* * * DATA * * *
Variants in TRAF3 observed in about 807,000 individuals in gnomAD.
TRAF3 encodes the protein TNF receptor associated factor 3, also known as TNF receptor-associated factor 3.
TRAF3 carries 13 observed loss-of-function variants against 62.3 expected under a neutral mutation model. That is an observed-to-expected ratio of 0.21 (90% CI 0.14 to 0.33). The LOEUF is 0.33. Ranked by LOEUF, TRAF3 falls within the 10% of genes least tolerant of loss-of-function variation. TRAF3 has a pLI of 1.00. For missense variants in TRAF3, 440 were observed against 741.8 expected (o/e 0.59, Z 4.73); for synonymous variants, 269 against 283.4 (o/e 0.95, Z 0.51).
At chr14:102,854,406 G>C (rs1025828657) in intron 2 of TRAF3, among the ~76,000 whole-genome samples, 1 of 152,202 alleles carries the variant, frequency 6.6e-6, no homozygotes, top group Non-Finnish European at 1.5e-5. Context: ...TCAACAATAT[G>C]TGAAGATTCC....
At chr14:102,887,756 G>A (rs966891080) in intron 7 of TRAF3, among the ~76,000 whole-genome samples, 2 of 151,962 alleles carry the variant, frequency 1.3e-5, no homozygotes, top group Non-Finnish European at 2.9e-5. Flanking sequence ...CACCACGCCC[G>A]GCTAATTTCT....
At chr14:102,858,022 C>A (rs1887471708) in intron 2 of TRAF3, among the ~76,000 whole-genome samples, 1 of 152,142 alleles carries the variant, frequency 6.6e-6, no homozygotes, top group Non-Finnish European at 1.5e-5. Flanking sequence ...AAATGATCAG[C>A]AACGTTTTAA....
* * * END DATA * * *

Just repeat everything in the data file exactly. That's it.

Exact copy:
Variants in TRAF3 observed in about 807,000 individuals in gnomAD.
TRAF3 encodes the protein TNF receptor associated factor 3, also known as TNF receptor-associated factor 3.
TRAF3 carries 13 observed loss-of-function variants against 62.3 expected under a neutral mutation model. That is an observed-to-expected ratio of 0.21 (90% CI 0.14 to 0.33). The LOEUF is 0.33. Ranked by LOEUF, TRAF3 falls within the 10% of genes least tolerant of loss-of-function variation. TRAF3 has a pLI of 1.00. For missense variants in TRAF3, 440 were observed against 741.8 expected (o/e 0.59, Z 4.73); for synonymous variants, 269 against 283.4 (o/e 0.95, Z 0.51).
At chr14:102,854,406 G>C (rs1025828657) in intron 2 of TRAF3, among the ~76,000 whole-genome samples, 1 of 152,202 alleles carries the variant, frequency 6.6e-6, no homozygotes, top group Non-Finnish European at 1.5e-5. Context: ...TCAACAATAT[G>C]TGAAGATTCC....
At chr14:102,887,756 G>A (rs966891080) in intron 7 of TRAF3, among the ~76,000 whole-genome samples, 2 of 151,962 alleles carry the variant, frequency 1.3e-5, no homozygotes, top group Non-Finnish European at 2.9e-5. Flanking sequence ...CACCACGCCC[G>A]GCTAATTTCT....
At chr14:102,858,022 C>A (rs1887471708) in intron 2 of TRAF3, among the ~76,000 whole-genome samples, 1 of 152,142 alleles carries the variant, frequency 6.6e-6, no homozygotes, top group Non-Finnish European at 1.5e-5. Flanking sequence ...AAATGATCAG[C>A]AACGTTTTAA....